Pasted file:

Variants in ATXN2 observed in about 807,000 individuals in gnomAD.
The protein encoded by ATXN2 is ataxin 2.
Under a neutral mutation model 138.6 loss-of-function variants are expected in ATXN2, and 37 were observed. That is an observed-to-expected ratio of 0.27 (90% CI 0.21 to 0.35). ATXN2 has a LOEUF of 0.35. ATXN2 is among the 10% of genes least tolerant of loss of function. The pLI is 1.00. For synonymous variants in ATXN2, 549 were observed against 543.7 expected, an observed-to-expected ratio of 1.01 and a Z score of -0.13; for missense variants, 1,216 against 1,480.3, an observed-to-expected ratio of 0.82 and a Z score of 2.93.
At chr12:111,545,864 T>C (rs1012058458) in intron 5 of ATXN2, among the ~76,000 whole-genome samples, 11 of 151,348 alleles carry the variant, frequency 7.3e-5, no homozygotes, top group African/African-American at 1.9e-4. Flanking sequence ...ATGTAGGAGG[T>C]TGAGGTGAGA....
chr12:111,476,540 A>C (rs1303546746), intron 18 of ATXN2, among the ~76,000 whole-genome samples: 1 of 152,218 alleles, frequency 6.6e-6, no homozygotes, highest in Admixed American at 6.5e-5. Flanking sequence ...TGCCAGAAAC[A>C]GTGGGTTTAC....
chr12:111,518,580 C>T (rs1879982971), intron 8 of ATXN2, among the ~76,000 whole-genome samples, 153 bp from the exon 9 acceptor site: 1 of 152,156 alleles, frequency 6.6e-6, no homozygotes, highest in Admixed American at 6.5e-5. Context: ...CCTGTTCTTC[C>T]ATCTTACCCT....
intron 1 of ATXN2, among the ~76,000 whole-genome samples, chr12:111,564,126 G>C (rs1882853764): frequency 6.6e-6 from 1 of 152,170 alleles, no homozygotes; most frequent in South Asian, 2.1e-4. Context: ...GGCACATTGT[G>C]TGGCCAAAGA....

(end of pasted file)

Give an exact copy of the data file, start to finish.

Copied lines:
Variants in ATXN2 observed in about 807,000 individuals in gnomAD.
The protein encoded by ATXN2 is ataxin 2.
Under a neutral mutation model 138.6 loss-of-function variants are expected in ATXN2, and 37 were observed. That is an observed-to-expected ratio of 0.27 (90% CI 0.21 to 0.35). ATXN2 has a LOEUF of 0.35. ATXN2 is among the 10% of genes least tolerant of loss of function. The pLI is 1.00. For synonymous variants in ATXN2, 549 were observed against 543.7 expected, an observed-to-expected ratio of 1.01 and a Z score of -0.13; for missense variants, 1,216 against 1,480.3, an observed-to-expected ratio of 0.82 and a Z score of 2.93.
At chr12:111,545,864 T>C (rs1012058458) in intron 5 of ATXN2, among the ~76,000 whole-genome samples, 11 of 151,348 alleles carry the variant, frequency 7.3e-5, no homozygotes, top group African/African-American at 1.9e-4. Flanking sequence ...ATGTAGGAGG[T>C]TGAGGTGAGA....
chr12:111,476,540 A>C (rs1303546746), intron 18 of ATXN2, among the ~76,000 whole-genome samples: 1 of 152,218 alleles, frequency 6.6e-6, no homozygotes, highest in Admixed American at 6.5e-5. Flanking sequence ...TGCCAGAAAC[A>C]GTGGGTTTAC....
chr12:111,518,580 C>T (rs1879982971), intron 8 of ATXN2, among the ~76,000 whole-genome samples, 153 bp from the exon 9 acceptor site: 1 of 152,156 alleles, frequency 6.6e-6, no homozygotes, highest in Admixed American at 6.5e-5. Context: ...CCTGTTCTTC[C>T]ATCTTACCCT....
intron 1 of ATXN2, among the ~76,000 whole-genome samples, chr12:111,564,126 G>C (rs1882853764): frequency 6.6e-6 from 1 of 152,170 alleles, no homozygotes; most frequent in South Asian, 2.1e-4. Context: ...GGCACATTGT[G>C]TGGCCAAAGA....